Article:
## Abstract

Horizontal well drilling is a well-established technology to enhance well productivity by increasing reservoir contact compared to that of vertical wells under the same conditions. In gas condensate reservoirs, in addition to the three-dimensional (3D) nature of the flow geometry around the horizontal well, the flow behaviour is further complicated by the phase change and the variation of relative permeability (kr) due to the coupling (increase in kr by an increase in velocity or decrease in IFT) and inertia (a decrease in kr by an increase in velocity) effects. There are no practically attractive simple methods for well productivity calculations that account for these effects. Therefore, as an alternative, numerical simulation of such a complex 3D flow using commercial numerical simulators is usually adopted. This approach requires a 3D fine grid compositional approach which is very demanding, cumbersome and often associated with convergence problems due to numerical instability. Consequently, the introduction of a quick and reliable tool for long term well productivity calculations for gas-condensate systems is the main objective of the present work.

An in-house simulator was developed to realistically simulate the multiphase flow of gas and condensate around horizontal wells. Using this model, a large data bank was then generated covering the impact of a wide range of pertinent geometric and flow parameters on well performance including: well and reservoir geometries, reservoir and bottom-hole pressure, fluid velocity, gas oil ratio and fluid composition.

Based on the results of these simulations, a new method has been proposed to predict the productivity of horizontal wells for gas and condensate systems. In this approach, the flow behaviour of gas and condensate around the well is quantified in terms of the effective wellbore radius of an equivalent open hole that replicates flow around the actual 3D system. The effective wellbore radius varies with fluid properties, velocity and interfacial tension (IFT), reservoir and wellbore conditions. The integrity of the new methodology has also been verified for various fluids and flow conditions.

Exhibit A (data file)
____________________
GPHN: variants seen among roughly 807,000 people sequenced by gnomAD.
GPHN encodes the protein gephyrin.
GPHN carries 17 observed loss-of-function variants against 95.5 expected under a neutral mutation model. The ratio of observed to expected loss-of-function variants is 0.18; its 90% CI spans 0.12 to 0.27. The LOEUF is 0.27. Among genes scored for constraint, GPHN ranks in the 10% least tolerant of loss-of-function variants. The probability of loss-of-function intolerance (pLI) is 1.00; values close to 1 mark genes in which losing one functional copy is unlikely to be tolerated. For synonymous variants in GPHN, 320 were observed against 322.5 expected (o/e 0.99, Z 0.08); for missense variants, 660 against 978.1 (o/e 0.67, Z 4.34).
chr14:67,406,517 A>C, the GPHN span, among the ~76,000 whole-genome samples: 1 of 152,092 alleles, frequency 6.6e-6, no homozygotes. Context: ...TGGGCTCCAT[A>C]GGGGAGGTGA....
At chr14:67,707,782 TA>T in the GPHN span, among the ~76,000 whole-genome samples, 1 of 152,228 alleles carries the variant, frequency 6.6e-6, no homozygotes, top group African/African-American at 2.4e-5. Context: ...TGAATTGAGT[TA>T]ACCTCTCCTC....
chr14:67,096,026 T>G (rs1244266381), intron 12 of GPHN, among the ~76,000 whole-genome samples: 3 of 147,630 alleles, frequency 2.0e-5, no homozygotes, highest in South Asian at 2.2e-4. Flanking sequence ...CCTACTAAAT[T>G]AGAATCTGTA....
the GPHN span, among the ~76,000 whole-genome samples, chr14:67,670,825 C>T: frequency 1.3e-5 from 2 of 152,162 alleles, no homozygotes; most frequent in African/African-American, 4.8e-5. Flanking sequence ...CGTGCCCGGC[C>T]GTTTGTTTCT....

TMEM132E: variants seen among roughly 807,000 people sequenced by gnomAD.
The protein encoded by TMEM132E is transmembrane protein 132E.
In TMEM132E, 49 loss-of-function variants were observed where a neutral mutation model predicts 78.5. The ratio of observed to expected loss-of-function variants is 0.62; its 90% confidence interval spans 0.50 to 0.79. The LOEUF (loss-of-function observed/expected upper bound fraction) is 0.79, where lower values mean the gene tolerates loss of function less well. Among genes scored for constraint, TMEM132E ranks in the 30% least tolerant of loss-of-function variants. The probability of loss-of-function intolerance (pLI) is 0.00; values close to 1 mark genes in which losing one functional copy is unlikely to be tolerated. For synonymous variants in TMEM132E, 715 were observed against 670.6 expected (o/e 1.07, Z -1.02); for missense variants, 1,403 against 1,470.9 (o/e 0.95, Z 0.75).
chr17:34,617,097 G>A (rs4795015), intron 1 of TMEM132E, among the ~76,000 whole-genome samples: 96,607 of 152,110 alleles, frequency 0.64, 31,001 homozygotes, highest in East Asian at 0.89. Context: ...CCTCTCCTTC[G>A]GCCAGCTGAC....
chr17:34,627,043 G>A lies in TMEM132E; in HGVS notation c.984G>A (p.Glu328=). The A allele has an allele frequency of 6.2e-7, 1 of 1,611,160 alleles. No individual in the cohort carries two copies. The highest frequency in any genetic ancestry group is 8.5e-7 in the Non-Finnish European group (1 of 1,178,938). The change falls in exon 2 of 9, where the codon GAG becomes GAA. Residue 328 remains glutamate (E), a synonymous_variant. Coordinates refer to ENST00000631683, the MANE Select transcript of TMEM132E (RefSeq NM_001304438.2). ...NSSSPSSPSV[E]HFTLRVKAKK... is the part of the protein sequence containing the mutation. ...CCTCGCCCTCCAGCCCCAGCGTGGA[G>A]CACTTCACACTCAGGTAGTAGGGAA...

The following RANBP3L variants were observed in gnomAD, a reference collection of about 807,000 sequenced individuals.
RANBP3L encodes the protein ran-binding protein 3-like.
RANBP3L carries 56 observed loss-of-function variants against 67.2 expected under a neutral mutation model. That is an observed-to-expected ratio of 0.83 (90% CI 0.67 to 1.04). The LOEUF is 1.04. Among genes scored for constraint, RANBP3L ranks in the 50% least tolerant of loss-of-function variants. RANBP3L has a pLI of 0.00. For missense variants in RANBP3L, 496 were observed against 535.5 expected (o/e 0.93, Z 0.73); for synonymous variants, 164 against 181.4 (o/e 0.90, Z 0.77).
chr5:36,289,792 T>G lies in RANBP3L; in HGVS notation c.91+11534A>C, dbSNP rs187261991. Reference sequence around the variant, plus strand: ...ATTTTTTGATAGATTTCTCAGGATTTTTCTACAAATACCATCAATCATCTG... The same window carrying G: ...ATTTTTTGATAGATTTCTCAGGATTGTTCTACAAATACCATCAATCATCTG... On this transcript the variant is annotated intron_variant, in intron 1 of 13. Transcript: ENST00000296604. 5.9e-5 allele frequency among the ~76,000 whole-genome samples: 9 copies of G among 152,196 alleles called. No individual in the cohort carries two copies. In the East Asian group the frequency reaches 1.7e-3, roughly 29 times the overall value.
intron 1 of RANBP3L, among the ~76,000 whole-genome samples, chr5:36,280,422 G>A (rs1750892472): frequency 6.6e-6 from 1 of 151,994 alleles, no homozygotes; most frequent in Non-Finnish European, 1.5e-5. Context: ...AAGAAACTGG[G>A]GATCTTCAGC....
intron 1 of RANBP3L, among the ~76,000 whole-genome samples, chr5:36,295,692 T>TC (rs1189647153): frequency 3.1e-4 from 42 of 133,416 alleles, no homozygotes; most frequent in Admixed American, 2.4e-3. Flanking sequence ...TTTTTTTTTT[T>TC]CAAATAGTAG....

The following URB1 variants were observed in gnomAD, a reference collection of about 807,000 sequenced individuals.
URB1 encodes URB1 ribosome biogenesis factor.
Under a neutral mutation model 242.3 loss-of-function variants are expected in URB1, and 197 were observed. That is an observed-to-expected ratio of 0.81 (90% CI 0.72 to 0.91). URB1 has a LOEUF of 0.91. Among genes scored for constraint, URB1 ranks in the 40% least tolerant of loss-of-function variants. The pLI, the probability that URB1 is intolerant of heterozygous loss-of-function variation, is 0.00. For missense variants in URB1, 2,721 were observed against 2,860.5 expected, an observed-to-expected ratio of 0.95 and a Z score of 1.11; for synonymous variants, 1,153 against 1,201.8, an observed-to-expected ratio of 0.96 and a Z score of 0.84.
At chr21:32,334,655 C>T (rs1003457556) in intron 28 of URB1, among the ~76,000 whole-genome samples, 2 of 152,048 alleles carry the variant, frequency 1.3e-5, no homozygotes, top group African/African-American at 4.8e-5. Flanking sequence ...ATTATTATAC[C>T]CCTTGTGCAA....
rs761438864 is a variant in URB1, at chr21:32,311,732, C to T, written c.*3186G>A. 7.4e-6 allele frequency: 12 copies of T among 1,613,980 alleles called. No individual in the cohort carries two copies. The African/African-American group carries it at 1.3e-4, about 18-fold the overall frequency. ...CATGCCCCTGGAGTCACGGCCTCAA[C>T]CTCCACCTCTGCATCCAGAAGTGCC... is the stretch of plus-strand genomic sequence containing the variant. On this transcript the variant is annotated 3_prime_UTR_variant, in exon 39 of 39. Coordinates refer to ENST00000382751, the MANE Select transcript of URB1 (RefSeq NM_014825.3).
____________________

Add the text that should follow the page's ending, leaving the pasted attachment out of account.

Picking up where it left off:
This approach, included in a simple spreadsheet, can predict the horizontal well performance, significantly facilitating engineering and management decisions on the application of costly horizontal well technology

An in-house simulator was developed to realistically simulate the multiphase flow of gas and condensate around horizontal wells. Using this model, a large data bank was then generated covering the impact of a wide range of pertinent geometric and flow parameters on well performance including: well and reservoir geometries, reservoir and bottom-hole pressure, fluid velocity, gas oil ratio and fluid composition.

Based on the results of these simulations, a new method has been proposed to predict the productivity of horizontal wells for gas and condensate systems. In this approach, the flow behaviour of gas and condensate around the well is quantified in terms of the effective wellbore radius of an equivalent open hole that replicates flow around the actual 3D system. The effective wellbore radius varies with fluid properties, velocity and interfacial tension (IFT), reservoir and wellbore conditions. The integrity of the new methodology has also been verified for various fluids and flow conditions.

This approach, included in a simple spreadsheet, can predict the horizontal well performance, significantly facilitating engineering and management decisions on the application of costly horizontal well technology

Original language | English |
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Pages (from-to) | 431–450 |

Journal | Fuel |

Volume | 223 |

Early online date | 20 Mar 2018 |

Publication status | Published - 1 Jul 2018 |